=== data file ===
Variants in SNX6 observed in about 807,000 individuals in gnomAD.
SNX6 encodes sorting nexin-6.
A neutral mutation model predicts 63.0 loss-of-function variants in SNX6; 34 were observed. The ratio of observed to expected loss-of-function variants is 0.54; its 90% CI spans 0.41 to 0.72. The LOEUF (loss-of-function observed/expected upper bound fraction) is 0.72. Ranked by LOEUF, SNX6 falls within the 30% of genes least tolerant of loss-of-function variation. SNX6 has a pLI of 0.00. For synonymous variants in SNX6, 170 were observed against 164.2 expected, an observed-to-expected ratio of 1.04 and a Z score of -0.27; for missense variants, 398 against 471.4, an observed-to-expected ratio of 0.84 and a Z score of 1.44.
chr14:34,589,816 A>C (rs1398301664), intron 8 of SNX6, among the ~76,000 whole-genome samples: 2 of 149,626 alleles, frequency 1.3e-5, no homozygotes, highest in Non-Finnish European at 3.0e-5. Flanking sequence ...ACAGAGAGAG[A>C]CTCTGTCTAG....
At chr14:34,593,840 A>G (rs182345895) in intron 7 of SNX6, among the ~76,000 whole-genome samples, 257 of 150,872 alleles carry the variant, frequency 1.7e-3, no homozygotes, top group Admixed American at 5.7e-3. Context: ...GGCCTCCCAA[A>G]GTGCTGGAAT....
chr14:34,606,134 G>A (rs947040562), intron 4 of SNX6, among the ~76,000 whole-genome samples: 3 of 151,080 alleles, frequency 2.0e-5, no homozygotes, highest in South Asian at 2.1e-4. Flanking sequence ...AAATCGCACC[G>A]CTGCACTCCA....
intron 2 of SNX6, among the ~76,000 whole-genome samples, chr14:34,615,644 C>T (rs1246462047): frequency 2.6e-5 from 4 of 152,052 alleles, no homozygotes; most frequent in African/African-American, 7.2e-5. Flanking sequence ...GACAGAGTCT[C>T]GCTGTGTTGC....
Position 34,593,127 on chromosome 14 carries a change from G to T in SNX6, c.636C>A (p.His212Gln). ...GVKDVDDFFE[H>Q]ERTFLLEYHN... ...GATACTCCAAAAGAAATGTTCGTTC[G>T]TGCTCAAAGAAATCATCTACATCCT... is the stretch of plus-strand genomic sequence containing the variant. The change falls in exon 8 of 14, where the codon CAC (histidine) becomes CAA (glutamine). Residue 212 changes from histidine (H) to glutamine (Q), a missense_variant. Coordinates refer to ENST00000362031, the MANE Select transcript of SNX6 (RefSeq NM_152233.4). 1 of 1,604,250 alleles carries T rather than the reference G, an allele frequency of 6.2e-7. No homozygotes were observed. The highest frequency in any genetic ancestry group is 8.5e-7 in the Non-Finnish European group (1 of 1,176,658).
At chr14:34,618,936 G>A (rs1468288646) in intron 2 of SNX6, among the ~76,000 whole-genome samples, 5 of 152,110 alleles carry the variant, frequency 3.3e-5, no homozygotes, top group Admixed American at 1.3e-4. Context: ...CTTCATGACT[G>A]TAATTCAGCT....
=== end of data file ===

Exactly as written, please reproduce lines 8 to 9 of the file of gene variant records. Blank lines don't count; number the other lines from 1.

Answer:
Position 34,593,127 on chromosome 14 carries a change from G to T in SNX6, c.636C>A (p.His212Gln). ...GVKDVDDFFE[H>Q]ERTFLLEYHN... ...GATACTCCAAAAGAAATGTTCGTTC[G>T]TGCTCAAAGAAATCATCTACATCCT... is the stretch of plus-strand genomic sequence containing the variant. The change falls in exon 8 of 14, where the codon CAC (histidine) becomes CAA (glutamine). Residue 212 changes from histidine (H) to glutamine (Q), a missense_variant. Coordinates refer to ENST00000362031, the MANE Select transcript of SNX6 (RefSeq NM_152233.4). 1 of 1,604,250 alleles carries T rather than the reference G, an allele frequency of 6.2e-7. No homozygotes were observed. The highest frequency in any genetic ancestry group is 8.5e-7 in the Non-Finnish European group (1 of 1,176,658).
At chr14:34,618,936 G>A (rs1468288646) in intron 2 of SNX6, among the ~76,000 whole-genome samples, 5 of 152,110 alleles carry the variant, frequency 3.3e-5, no homozygotes, top group Admixed American at 1.3e-4. Context: ...CTTCATGACT[G>A]TAATTCAGCT....